The Top Foods for Gut Health

They might even be good for your mood. Here’s why.

The Top Foods for Gut Health

Shortly after birth, you were colonized by trillions of micro-organisms that settled down in your gut. Made up of more than a thousand species, these micro-organisms are important allies in your health. They boost your immunity to colds and diseases. They help you digest food and produce vitamins. And now, they’re emerging in a starring role as mood managers.

“There are many paths between gut and brain,” says Dr. Jane Foster. “We are only just starting to figure out which aspects are connected.”

The vagus nerve has emerged as one important pathway for these mood-altering messages. This network of neurons, named after the Latin for “wandering,” meanders through the chest and abdomen, connecting key organs to the brain stem.

Gut microbiota may also be influencing brain activity with their ability to communicate to cells that produce serotonin, a chemical that helps relay messages from one part of the brain to another. There’s also the possibility that the gut microbiota themselves are not the messengers. Instead, the messengers may be bacterial byproducts.

The role of food

The micro-organisms in your gut vary throughout your lifetime. Each person has a profile of gut microbiota as unique as a fingerprint. It is influenced by genetics, gender, age and diet.

An unhealthy diet can create an environment that does not support your healthiest and happiest self. But don’t fret if you’ve been indulging in cookies and too much coffee. Your gut microbiota can experience a speedy recovery.

Dietary changes lead to the presence of different micro-organisms, and probiotics found in fermented foods may affect the balance of bacteria in your gut. Including a range of fermented foods like the ones below is a great recipe for better gut health—and possibly a better mood.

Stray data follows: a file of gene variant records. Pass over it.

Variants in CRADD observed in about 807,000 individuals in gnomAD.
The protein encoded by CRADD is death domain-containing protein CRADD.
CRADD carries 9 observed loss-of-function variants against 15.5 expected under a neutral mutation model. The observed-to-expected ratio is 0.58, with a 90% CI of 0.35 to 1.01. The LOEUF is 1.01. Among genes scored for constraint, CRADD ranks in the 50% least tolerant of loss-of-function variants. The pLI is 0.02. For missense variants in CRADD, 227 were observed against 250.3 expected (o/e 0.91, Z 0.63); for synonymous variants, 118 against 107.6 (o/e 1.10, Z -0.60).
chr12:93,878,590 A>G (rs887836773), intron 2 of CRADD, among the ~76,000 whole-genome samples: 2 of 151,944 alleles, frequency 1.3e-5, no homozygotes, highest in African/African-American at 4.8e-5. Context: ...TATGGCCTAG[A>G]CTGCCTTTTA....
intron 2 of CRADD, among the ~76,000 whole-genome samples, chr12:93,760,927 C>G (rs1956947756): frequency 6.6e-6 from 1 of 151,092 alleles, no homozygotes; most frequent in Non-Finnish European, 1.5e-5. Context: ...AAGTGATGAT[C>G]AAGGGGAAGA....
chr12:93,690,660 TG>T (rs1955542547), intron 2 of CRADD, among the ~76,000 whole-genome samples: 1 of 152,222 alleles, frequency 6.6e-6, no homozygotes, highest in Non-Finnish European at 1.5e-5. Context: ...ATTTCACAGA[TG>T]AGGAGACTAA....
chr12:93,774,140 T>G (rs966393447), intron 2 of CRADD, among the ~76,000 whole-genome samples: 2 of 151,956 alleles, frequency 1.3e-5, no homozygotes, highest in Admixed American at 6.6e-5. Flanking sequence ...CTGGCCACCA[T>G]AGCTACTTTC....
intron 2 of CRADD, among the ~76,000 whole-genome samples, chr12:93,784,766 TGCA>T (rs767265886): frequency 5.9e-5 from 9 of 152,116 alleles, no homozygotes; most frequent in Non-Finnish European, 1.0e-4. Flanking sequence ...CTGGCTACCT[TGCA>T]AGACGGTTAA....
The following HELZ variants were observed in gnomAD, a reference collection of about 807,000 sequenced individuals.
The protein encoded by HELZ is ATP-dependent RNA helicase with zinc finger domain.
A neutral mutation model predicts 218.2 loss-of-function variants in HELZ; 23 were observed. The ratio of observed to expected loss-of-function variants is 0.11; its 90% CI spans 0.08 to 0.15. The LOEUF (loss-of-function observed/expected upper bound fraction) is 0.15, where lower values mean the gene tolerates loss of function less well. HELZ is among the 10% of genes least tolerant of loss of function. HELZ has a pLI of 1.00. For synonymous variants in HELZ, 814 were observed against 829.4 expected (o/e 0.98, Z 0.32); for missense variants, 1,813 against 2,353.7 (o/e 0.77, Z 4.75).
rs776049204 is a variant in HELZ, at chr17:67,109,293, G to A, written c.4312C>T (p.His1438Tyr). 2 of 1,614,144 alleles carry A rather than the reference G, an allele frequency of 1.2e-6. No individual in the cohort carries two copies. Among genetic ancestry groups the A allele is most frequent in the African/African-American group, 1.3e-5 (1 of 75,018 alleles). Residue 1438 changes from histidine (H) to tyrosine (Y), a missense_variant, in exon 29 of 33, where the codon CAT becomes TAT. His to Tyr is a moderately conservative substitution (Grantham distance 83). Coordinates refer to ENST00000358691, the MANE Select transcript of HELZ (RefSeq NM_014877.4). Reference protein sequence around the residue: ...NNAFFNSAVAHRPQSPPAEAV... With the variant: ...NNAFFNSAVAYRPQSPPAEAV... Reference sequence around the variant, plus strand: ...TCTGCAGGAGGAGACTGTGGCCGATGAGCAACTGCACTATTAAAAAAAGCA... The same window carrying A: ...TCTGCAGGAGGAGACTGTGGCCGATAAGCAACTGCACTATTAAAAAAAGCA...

Sauerkraut—and its spicier cousin, kimchi—is made by combining shredded cabbage with salt and allowing it to ferment. Simple and fun to make at home in a large glass jar or ceramic crock, you can experiment with adding spices and other vegetables. It’s easy to find at grocery stores; just make sure you choose one that has live bacteria.

Enjoy this crunchy cabbage dish by the forkful or add it as a condiment to rice bowls, sandwiches and salads.


Tempeh is made by fermenting cooked soybeans. It’s firm, chewy and delicious when pan-tossed or marinated and baked. Use it in stir-fries, on salads or as the main event in a meal.


Commonly made from fermented soybeans combined with grains like rice and barley, piquant miso paste comes in many varieties. Miso adds an intriguing flavour to salad dressings, gravies and scrambled eggs. Try it in the Miso Soup with Greens recipe in this issue of alive@work.


Probably the best known of fermented foods, yogurt needs no introduction. Look for yogurts that say they contain active or living cultures.

In addition, supplementing with a probiotic can help support your gut microbiome and keep it in tip-top shape. Ask your doctor about whether this is a good option for you.